I’m working on a writing assignment about archives and technology and, as is so often the case, I need to discuss how archives and libraries are different. I thought this might make an interesting topic for discussion, so I’m throwing up my draft list here for your comments and additions.
Two caveats–First, I’m defining “libraries” here as just public libraries because I think that’s what comes first to most people’s minds when they think “library.” Second, the differences I’m primarily interested are those that affect how archives and libraries use technology, so if you see some gaps in my list, that might explain it.
My draft list, in no particular order:
- Libraries collect primarily published materials. Archives collect primarily unpublished items or unusual or rare published materials.
- Most materials in libraries can be removed from the library. Materials in archives do not usually circulate.
- Each item in a library collection is usually cataloged. Archival materials are usually cataloged at a higher level of aggregation, such as the collection or series.
- Libraries share common cataloging data about the objects in their collections; almost no library materials receive original cataloging. Archives cannot usually benefit from shared cataloging data; virtually all archival materials must receive original cataloging.
- Most people learn how to use a library as part of growing up, either from their parents or in school. Unless they have a specific research need or take a particular class in college, most people will never learn how to use an archives.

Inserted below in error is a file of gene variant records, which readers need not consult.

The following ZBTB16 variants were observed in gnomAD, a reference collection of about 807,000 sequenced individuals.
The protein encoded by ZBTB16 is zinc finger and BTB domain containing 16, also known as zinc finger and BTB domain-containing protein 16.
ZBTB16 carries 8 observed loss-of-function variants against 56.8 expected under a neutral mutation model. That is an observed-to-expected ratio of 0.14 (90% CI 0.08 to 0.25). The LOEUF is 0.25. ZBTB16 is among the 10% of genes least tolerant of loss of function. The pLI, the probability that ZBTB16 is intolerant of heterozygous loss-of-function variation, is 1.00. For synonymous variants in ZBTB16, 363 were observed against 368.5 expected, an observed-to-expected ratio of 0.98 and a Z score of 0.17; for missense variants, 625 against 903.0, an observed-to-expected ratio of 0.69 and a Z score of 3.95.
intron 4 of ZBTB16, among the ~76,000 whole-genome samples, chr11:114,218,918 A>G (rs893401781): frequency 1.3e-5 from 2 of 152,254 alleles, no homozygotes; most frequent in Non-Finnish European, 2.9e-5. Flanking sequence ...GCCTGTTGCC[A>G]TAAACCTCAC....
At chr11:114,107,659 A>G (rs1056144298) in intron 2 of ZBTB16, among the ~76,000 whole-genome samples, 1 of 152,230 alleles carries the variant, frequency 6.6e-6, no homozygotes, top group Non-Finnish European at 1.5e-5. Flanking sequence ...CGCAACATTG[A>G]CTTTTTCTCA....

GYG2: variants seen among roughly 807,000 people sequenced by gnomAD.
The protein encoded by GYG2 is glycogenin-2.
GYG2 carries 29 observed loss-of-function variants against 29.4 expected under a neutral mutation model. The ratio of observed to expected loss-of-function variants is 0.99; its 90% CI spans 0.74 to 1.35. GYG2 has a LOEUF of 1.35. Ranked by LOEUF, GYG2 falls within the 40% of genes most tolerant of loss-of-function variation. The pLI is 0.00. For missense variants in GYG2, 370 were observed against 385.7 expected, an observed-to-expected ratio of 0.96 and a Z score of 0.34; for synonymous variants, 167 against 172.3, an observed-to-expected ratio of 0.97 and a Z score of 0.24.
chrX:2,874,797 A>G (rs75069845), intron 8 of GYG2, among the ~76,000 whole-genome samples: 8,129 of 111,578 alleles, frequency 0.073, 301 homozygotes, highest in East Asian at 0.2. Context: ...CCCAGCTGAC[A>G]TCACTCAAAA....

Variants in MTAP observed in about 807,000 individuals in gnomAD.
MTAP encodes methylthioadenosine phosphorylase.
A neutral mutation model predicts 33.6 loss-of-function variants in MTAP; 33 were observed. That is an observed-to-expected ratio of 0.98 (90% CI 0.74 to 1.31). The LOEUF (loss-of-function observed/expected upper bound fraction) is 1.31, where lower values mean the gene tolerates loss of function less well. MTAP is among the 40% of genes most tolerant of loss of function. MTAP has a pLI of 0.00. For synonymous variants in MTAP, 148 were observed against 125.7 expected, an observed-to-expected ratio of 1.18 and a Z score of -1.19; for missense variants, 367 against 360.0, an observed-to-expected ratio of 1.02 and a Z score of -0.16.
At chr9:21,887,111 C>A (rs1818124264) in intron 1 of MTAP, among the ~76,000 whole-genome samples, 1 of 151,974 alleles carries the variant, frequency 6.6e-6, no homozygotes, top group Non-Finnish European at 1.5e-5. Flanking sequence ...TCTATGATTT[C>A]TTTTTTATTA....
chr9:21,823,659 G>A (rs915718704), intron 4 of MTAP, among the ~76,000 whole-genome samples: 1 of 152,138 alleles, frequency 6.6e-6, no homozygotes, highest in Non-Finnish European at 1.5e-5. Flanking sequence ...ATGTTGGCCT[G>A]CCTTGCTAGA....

- The purpose or value of most library materials does not require interpretation. The purpose or value of many archival materials can only be understood when their function and historical context is understood.
- Libraries welcome children and teenagers and may not require adult supervision. Most archives have strict guidelines for the use of materials by children or teenagers.
- People use libraries for many purposes that don’t center on books–for example as public gathering spaces, for free Internet access, to pick up tax forms, to obtain music and video entertainment, and as resources for educational experiences for children. People rarely use archives for purposes that don’t center on archival materials.
- Most librarians have formal training in library science. Many people working in archives have limited or no formal training in archival science.
- Most libraries are part of larger regional systems, which often provide technical or logistical support for all the libraries in the system. Many archives are small independent organizations with no larger organizational support system.
- The library community has a large marketplace of vendors who understand their needs and supply many well-developed technology products to meet their needs. The archival community has few vendors who understand their needs and very few technology products designed specifically for their needs.
- Many people come to a library with a simple information need that can be met by a simple interaction with a reference librarian. Most people come to an archives with complex information needs that require more extensive interactions with one or more archivists.
- To help their customers, librarians rely primarily on their skills at using information discovery tools rather than their own knowledge of the library’s collections. To help their customers, archivists rely primarily on the knowledge about their holdings they have developed in working with them rather than on searching information sources.
I could probably come up with some others, but the list seems to be getting a bit long. What do you think? Are my statements accurate? Do you have others to add?